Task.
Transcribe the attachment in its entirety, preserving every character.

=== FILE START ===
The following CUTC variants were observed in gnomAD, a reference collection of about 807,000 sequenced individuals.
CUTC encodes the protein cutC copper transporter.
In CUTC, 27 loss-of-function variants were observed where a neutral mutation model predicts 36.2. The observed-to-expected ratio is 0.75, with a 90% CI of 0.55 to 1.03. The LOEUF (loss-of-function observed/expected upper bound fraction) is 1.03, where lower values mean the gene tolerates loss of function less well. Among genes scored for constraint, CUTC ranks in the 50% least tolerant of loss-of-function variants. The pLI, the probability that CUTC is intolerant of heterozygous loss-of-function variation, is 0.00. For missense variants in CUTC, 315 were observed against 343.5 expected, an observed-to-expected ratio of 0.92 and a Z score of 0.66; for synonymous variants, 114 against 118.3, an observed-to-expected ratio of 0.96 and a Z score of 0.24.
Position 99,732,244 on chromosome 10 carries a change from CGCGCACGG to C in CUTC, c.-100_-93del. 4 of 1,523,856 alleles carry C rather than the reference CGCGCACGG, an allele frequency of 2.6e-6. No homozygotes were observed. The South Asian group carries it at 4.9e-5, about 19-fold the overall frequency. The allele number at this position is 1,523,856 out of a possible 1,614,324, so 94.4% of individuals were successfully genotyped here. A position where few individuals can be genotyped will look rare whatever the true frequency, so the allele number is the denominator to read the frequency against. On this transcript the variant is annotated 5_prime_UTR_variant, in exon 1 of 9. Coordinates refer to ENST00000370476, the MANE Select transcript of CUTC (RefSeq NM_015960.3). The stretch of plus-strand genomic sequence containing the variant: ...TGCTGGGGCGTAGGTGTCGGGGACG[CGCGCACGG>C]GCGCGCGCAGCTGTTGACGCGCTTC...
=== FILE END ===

The following CUTC variants were observed in gnomAD, a reference collection of about 807,000 sequenced individuals.
CUTC encodes the protein cutC copper transporter.
In CUTC, 27 loss-of-function variants were observed where a neutral mutation model predicts 36.2. The observed-to-expected ratio is 0.75, with a 90% CI of 0.55 to 1.03. The LOEUF (loss-of-function observed/expected upper bound fraction) is 1.03, where lower values mean the gene tolerates loss of function less well. Among genes scored for constraint, CUTC ranks in the 50% least tolerant of loss-of-function variants. The pLI, the probability that CUTC is intolerant of heterozygous loss-of-function variation, is 0.00. For missense variants in CUTC, 315 were observed against 343.5 expected, an observed-to-expected ratio of 0.92 and a Z score of 0.66; for synonymous variants, 114 against 118.3, an observed-to-expected ratio of 0.96 and a Z score of 0.24.
Position 99,732,244 on chromosome 10 carries a change from CGCGCACGG to C in CUTC, c.-100_-93del. 4 of 1,523,856 alleles carry C rather than the reference CGCGCACGG, an allele frequency of 2.6e-6. No homozygotes were observed. The South Asian group carries it at 4.9e-5, about 19-fold the overall frequency. The allele number at this position is 1,523,856 out of a possible 1,614,324, so 94.4% of individuals were successfully genotyped here. A position where few individuals can be genotyped will look rare whatever the true frequency, so the allele number is the denominator to read the frequency against. On this transcript the variant is annotated 5_prime_UTR_variant, in exon 1 of 9. Coordinates refer to ENST00000370476, the MANE Select transcript of CUTC (RefSeq NM_015960.3). The stretch of plus-strand genomic sequence containing the variant: ...TGCTGGGGCGTAGGTGTCGGGGACG[CGCGCACGG>C]GCGCGCGCAGCTGTTGACGCGCTTC...